Latest posts by David Smith Jr. (see all)
- Implications Of New Developments In U.S. Protectionism - June 1, 2019
- The Spread Of Orwellian Surveillance: China And Beyond - May 10, 2019
- Preventing The Rising Tide Of White Nationalism - March 28, 2019
After decades of living in Saudi Arabia and adjacent nations, the Saudi government recently motioned to deport several Rohingya migrants to neighboring Bangladesh. Interestingly, this particular group of residents solely inhabited this particular country of Saudi Arabia and holds no ties to Bangladesh. The current circumstance of Rohingya citizenship becomes an issue of humanitarianism and a challenge of global morality. Particularly, the unnecessary deportations involve questions of discrimination on the basis of ethnicity and religion. This crisis necessitates foreign intervention, especially amongst other controversial issues involving the Saudi Arabian government.
Of course, Rohingya citizens remain outraged and live on in tremendous fear as a result of their uncertain living arrangement. Most of the men currently in custody spent the last few years in a Saudi detention center, anxiously awaiting an imminent federal decision. Fortunately, one Rohingya man documented the entire incident for international observation. An interviewee affirms that “They came to our cells in the middle of the night at 12 pm, telling us to pack our bags and get ready for Bangladesh,” one of the men explained. Another detainee accurately portrays the panicked sentiment shared among the entire group in pleading, “I’ve been here for the last five to six years, now they are sending me to Bangladesh. Please pray for me.” Even though this becomes a heart-wrenching story, Saudi Arabian laws tie the hands of potential aids as, “According to Saudi law, since they are registered as a different nationality, we can’t do anything in terms of legal help.”
Certainly, the current repatriation motions of the Saudi government might still appear legitimate. However, the regime obviously targets the Rohingya population for predisposed reasons. The census refuses to recognize the Rohingya as a lawful ethnic group. Instead, the government registered them as several different identities. By Saudi legislation, the Rohingya encompass Indian, Pakistani, Bangladeshi, and Nepalese nationalities, according to Nay San Lwin, an activist acting on behalf of the Rohingya people. Even further, repatriation inaccurately defines the deportation of Rohingya citizens, for that implies the group is returned to their country of origin.
In reality, the Rohingya originally migrated from neighboring Myanmar. Being an Arab, Muslim subset of people, the Rohingya faced discrimination and persecution in a predominantly Buddhist country, which involved violence, rape, and multiple deaths. After years of this horrifying experience, scores of these people fled to surrounding nations. Unfortunately, the Rohingya faced imprisonment regardless, both at home in Myanmar and in newfound homelands like Saudi Arabia. Hundreds of thousands remain in these camps. The Rohingya face harsh, inhumane conditions: malnutrition, lack of healthcare, and the absence of other basic resources. Obviously, the present condition of the detainees necessitates immediate action on the basis of maintaining fundamental human rights and to counterattack unfair discrimination.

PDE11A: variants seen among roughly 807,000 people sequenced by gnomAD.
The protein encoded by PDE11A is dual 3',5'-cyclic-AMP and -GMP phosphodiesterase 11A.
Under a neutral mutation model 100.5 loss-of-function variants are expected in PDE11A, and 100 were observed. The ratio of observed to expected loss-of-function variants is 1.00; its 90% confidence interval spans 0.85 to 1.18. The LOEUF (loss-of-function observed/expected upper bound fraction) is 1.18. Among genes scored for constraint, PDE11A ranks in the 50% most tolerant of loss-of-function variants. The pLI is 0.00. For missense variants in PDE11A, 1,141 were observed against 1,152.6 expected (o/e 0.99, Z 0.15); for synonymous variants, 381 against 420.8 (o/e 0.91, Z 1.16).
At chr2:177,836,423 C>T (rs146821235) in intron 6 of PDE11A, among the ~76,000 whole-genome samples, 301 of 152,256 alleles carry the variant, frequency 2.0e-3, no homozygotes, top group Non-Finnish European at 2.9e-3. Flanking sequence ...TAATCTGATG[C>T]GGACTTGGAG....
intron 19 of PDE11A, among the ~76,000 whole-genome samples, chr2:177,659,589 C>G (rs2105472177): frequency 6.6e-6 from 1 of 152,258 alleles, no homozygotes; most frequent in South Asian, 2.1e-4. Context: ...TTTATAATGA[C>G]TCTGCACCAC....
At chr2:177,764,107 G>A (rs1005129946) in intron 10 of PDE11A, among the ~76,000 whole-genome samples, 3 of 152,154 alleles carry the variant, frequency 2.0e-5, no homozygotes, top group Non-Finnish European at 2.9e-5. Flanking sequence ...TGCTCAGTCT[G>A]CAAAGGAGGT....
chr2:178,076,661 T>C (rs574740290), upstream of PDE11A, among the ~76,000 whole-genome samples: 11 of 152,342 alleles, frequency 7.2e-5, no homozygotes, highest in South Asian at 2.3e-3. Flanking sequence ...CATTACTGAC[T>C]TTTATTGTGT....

Now, the existing condition in Saudi Arabia receives heightened global attention, though the response is still not substantial enough. The United States implores Myanmar and Saudi Arabia to “respect the rule of law, stop the violence and end the displacement of civilians from all communities.” Bangladesh appropriately plans to support the new migration of Rohingya peoples, by constructing new infrastructure and stockpiling necessary resources. The U.K. pledges to aid both the Bangladesh government and Rohingya migrants during this time. However, other influential administrations still fall short. For example, China requests that others “should support the efforts of Myanmar in safeguarding the stability of its national development.” Also, the UN repudiates sanctions on Myanmar and Saudi Arabia. Yet, Myanmar and Saudi Arabia hold no legal causation for the deportation of this minority community, nor do they have any need for keeping these peaceful people in such harsh conditions. Among the other inhumane actions contemporaneously made by the Saudi government, many activists call for aggressive sanctions against the regime. Perhaps, an economic opposition towards Saudi Arabia and Myanmar for their unjust actions might be the only effective way of combatting it. Moving forward, repeatedly placing this issue at the forefront of global leaders attention remains absolutely essential, for the good of the Rohingya people and to establish a precedent for actions against anti-humanitarianism.